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Mary E. Mannix's picture

One of the best places to be in my state on any given day is in the classroom of a high quality pre-k program.
There you will hear laughter and intriguing conversation.
There you will see smiles and brows furrowed in curiosity.
There you will reassured and valued for your unique gifts.
There you will be encouraged to learn from mistakes and given a chance to try again and again and again and...
There you will receive invitations to play, learn, explore, and grow.
When you leave this classroom you will be ready to succeed.

Sadly, not every child has such a high-quality early learning experience.

After twenty five years in the field, I voluntarily left such a classroom.
For twenty-five years teaching and leading in the early childhood education field, I have explained on a shoe string budget (if the program was lucky enough to have a healthy budget), why this work was important. Why this work that is so often dismissed as "babysitting" has value to every corner of our local community as well as to the security of our country.

Finally in Pennsylvania, there is a growing movement from parents, educators, business leaders, and organizations that value an investment in high quality early learning.

I am supporting  Pre-K for PA. The vision of PreK for PA is for all 3 and 4 year old children in Pennsylvania to have access to affordable high-quality pre-k. Moms, Dads, schools, school districts, and organizations across the state are also lending their voice in support of this mission. Will you join me? Will you join us in supporting PreK for PA so that all children in PA will be ready to succeed?

It is only through the pursuit of this vision that is a concrete example of the belief in the value of high quality early learning that I left such a classroom. The Delaware Valley Association for the Education for Young Children (DVAEYC) asked for help to succeed in this mission. I am honored to devote time to help in such a capacity. Sharon Easterling, Executive Director of DVAEYC explains (and urges) that after decades of early learning being an after-thought while the research grows to its vitality,  "It is time for the smallest children to be allowed to go to the front of the line." (

DVAEYC is joined by a cross-sectional sampling of industries in Pennsylvania that know this will help strengthen our state. For example -

Mission:Readiness is the military. From their home page:
"75 percent of 17- to 24-year olds in the U.S. cannot serve in the military, primarily because they are too poorly educated, too overweight, or have a serious criminal record. Investing early in the upcoming generation is critical to securing our nation’s future."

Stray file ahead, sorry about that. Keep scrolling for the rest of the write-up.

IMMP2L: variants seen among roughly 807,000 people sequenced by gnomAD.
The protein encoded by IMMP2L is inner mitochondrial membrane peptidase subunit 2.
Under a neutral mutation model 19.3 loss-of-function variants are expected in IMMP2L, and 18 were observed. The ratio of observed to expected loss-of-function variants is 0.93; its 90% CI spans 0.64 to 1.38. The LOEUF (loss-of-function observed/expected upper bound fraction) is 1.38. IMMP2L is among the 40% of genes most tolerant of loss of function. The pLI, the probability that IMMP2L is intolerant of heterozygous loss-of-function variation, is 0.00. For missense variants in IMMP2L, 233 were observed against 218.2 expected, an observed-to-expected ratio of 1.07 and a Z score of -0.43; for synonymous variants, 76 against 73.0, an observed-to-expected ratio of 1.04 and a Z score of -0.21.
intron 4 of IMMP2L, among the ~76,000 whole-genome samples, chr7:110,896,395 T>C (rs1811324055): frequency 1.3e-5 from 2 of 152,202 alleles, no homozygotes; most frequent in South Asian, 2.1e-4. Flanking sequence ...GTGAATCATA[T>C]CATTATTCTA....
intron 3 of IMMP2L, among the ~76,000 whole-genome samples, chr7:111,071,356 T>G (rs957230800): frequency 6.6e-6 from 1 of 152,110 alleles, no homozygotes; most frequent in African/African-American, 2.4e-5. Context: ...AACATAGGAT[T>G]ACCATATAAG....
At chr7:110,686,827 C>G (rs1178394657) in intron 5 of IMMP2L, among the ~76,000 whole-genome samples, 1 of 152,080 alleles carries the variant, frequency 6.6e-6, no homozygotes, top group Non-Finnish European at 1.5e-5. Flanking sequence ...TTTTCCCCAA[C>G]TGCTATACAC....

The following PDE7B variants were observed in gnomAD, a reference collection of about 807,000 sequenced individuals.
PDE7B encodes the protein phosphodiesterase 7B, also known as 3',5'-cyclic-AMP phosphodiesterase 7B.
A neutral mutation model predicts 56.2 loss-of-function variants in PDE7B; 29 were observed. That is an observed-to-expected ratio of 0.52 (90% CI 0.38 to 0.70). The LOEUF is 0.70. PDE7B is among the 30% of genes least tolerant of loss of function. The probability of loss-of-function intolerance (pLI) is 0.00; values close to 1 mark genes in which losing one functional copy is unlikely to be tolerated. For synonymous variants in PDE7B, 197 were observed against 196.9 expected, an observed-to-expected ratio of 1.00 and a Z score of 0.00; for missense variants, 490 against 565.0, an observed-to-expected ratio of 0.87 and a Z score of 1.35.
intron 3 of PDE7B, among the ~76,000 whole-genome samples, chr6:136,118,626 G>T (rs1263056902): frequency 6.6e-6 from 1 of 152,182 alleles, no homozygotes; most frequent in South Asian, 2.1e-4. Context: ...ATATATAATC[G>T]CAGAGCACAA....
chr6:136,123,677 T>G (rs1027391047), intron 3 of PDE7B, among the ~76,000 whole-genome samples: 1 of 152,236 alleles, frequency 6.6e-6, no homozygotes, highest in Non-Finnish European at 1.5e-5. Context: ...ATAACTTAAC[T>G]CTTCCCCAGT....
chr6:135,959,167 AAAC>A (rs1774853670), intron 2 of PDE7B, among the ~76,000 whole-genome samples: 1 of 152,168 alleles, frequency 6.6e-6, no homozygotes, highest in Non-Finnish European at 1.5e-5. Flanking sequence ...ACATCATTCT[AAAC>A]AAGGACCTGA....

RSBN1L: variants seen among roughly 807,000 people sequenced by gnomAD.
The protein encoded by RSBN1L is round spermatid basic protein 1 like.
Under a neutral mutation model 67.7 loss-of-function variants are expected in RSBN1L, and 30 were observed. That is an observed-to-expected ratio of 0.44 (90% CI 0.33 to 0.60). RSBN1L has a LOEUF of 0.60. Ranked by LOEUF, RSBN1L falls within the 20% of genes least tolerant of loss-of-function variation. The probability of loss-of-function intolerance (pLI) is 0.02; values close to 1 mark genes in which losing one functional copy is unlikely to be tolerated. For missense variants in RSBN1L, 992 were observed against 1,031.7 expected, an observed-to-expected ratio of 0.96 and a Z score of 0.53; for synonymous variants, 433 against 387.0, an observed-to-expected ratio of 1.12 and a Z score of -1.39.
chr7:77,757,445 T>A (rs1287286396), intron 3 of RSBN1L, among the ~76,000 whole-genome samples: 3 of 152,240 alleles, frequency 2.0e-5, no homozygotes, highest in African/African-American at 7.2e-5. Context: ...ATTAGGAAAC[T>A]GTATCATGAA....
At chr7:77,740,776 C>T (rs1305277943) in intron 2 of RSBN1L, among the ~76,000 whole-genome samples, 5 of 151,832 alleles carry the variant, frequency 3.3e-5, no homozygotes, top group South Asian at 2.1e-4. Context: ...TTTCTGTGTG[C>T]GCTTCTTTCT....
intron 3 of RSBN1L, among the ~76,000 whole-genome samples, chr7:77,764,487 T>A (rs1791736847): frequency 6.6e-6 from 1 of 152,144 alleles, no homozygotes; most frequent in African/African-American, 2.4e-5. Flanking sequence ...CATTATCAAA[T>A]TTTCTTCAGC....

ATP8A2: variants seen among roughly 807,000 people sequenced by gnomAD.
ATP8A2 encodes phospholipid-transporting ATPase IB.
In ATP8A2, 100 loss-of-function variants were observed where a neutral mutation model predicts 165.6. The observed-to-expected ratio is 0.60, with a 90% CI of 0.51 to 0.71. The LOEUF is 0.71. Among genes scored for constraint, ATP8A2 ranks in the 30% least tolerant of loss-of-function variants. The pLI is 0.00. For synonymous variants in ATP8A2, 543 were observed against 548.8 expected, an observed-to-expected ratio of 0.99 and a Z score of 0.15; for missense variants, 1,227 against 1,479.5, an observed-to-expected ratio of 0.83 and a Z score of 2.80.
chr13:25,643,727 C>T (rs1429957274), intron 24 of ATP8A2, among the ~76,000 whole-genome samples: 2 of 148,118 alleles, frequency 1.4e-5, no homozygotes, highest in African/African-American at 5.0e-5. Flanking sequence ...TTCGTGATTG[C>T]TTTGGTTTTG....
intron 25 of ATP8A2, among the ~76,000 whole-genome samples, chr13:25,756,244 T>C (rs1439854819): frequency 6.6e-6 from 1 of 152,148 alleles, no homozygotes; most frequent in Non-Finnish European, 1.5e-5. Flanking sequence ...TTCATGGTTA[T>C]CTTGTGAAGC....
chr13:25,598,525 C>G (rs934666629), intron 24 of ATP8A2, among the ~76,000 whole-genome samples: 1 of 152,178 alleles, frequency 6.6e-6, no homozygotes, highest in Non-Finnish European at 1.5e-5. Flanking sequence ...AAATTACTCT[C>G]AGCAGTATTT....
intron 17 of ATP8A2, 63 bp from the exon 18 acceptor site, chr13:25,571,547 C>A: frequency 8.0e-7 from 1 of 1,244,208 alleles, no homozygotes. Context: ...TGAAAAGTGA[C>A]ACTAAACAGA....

(Read more here:

Fight Crime: Invest in Kids is law enforcement.
It's Pennsylvania chapter is a principal partner in Pre-K for PA. From their website: "Pennsylvania is spending...more than $35,000 an inmate a year. Pennsylvania Department of Corrections spending has increased by more than 1,900 percent from 1980 to 2013-2014."
They go on to explain:
"A long-term study of Michigan’s Perry Preschool found that at-risk children who did not participate in the high-quality program were five times more likely to be chronic offenders by age 27 than children who did attend... The Perry Preschool Program cut crime, welfare and other costs so much that it saved taxpayers an average of $180,000 for every child served.." (

The Economy League is our business community.
"With a child’s brain developing more rapidly during its first five years than during any other period, early investments help establish the cognitive, social, emotional, and language foundations required for future success. Ensuring that children enter kindergarten ready to learn is increasingly being recognized by policymakers and business leaders as important to building a prepared workforce and a thriving regional economy.Well-designed early childhood programs in disadvantaged communities have been found to generate future cost savings of up to $17 for each dollar spent on early learning."(

Over 190 organizations across Pennsylvania have signed on in support of high quality pre-k because the value in the early learning experience is vital.

As a teacher and a mother, I have seen first-hand the bar raised for kindergarten readiness in the past eight years. Children who have not had access to a high quality pre-k program are less likely to be prepared for Kindergarten. Even when some of our students are ready; even though some have had the privilege of the quality experience, those who have not are in the classroom with those who have.

Why should taking care of our next generation in a high quality, stimulating environment, during their most formative foundation years be so easily dismissed?
The research and the outcomes are compelling.
Caring for our youngest citizenry is vital to a healthy, successful, safe, and productive community.

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